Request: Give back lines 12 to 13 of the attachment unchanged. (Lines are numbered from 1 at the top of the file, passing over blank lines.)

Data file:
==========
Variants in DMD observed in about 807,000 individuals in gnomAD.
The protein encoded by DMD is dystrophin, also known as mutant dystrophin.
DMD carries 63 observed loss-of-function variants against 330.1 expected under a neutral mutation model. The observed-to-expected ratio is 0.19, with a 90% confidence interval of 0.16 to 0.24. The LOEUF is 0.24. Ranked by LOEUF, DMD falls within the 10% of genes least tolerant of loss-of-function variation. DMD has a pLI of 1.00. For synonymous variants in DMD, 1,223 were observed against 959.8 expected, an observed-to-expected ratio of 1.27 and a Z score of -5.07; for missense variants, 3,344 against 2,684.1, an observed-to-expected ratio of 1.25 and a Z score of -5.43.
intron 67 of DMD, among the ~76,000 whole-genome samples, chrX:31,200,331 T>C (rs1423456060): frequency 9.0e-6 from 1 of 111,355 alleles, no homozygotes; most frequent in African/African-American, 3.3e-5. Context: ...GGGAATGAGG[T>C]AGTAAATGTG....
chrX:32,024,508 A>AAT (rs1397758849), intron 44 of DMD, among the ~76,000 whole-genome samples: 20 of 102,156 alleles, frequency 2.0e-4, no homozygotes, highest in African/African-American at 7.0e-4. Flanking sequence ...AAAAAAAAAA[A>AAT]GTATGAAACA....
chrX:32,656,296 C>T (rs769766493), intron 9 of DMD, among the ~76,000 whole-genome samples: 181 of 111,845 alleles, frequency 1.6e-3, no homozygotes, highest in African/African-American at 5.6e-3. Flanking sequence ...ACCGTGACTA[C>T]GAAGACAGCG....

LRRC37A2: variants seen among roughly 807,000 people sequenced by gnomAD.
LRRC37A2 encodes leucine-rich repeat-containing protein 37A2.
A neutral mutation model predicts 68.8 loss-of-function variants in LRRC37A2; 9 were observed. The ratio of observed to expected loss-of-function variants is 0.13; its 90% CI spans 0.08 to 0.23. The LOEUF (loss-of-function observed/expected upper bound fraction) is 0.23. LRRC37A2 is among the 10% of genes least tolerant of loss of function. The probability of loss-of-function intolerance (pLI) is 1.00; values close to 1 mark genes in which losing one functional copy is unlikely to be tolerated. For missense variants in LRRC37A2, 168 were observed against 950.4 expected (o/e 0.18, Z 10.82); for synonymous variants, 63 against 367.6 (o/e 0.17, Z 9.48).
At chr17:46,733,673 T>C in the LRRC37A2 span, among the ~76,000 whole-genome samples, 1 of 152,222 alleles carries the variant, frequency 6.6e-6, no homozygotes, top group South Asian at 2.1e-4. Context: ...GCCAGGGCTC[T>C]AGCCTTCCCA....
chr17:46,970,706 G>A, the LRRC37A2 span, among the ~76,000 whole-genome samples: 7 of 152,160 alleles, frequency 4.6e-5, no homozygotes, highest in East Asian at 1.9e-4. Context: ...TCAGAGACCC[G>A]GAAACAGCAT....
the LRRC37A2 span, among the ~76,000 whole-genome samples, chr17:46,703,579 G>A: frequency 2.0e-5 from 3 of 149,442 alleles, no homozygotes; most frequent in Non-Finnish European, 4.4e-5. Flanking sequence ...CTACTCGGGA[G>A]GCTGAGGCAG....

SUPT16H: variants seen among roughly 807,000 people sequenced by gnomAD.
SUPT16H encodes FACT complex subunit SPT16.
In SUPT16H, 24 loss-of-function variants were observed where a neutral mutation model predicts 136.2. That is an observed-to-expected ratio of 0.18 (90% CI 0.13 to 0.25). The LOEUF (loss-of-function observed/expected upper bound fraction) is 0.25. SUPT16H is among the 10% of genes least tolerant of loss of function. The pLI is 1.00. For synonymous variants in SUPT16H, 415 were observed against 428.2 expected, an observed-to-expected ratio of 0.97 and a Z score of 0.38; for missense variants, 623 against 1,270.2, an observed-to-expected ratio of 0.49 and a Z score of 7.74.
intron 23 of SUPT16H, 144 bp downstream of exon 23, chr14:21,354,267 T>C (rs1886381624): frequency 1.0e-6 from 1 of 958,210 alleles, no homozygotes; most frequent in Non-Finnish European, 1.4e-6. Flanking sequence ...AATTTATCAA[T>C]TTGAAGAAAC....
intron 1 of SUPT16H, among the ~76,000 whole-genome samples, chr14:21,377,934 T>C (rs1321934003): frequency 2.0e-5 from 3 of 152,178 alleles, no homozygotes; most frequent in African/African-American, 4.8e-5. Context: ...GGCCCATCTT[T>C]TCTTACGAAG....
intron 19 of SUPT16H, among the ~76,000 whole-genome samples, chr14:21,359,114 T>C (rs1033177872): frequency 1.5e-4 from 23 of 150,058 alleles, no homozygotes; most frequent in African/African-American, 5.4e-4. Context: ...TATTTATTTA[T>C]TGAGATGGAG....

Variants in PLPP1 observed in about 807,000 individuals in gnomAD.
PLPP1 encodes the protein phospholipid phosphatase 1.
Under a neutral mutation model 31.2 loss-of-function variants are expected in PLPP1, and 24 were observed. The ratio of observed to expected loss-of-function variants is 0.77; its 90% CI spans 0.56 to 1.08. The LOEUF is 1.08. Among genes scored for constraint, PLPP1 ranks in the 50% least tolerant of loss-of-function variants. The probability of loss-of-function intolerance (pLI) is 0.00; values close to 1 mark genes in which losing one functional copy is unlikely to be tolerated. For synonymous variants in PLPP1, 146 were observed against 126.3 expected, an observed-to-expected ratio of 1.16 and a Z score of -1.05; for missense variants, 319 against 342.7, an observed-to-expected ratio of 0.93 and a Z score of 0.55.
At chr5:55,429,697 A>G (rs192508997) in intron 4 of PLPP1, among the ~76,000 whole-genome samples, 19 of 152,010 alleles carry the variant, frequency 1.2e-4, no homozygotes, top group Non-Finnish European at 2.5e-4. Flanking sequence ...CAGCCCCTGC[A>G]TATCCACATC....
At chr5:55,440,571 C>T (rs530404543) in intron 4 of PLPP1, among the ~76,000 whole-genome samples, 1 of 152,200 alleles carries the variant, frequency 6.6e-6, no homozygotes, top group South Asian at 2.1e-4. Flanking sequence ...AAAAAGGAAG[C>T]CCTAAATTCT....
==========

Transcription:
the LRRC37A2 span, among the ~76,000 whole-genome samples, chr17:46,703,579 G>A: frequency 2.0e-5 from 3 of 149,442 alleles, no homozygotes; most frequent in Non-Finnish European, 4.4e-5. Flanking sequence ...CTACTCGGGA[G>A]GCTGAGGCAG....

SUPT16H: variants seen among roughly 807,000 people sequenced by gnomAD.